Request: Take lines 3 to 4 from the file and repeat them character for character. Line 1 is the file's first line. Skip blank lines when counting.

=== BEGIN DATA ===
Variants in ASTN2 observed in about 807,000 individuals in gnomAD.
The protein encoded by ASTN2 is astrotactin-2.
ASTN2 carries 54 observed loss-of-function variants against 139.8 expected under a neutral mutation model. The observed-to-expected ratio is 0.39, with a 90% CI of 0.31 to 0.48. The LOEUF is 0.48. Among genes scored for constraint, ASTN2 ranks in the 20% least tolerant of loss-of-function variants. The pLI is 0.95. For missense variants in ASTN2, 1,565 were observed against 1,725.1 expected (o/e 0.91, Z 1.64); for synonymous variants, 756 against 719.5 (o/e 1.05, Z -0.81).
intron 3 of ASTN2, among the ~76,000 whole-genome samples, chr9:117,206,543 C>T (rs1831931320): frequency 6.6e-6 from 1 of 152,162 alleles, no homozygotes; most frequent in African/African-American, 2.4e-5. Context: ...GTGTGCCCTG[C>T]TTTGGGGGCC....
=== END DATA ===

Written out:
ASTN2 carries 54 observed loss-of-function variants against 139.8 expected under a neutral mutation model. The observed-to-expected ratio is 0.39, with a 90% CI of 0.31 to 0.48. The LOEUF is 0.48. Among genes scored for constraint, ASTN2 ranks in the 20% least tolerant of loss-of-function variants. The pLI is 0.95. For missense variants in ASTN2, 1,565 were observed against 1,725.1 expected (o/e 0.91, Z 1.64); for synonymous variants, 756 against 719.5 (o/e 1.05, Z -0.81).
intron 3 of ASTN2, among the ~76,000 whole-genome samples, chr9:117,206,543 C>T (rs1831931320): frequency 6.6e-6 from 1 of 152,162 alleles, no homozygotes; most frequent in African/African-American, 2.4e-5. Context: ...GTGTGCCCTG[C>T]TTTGGGGGCC....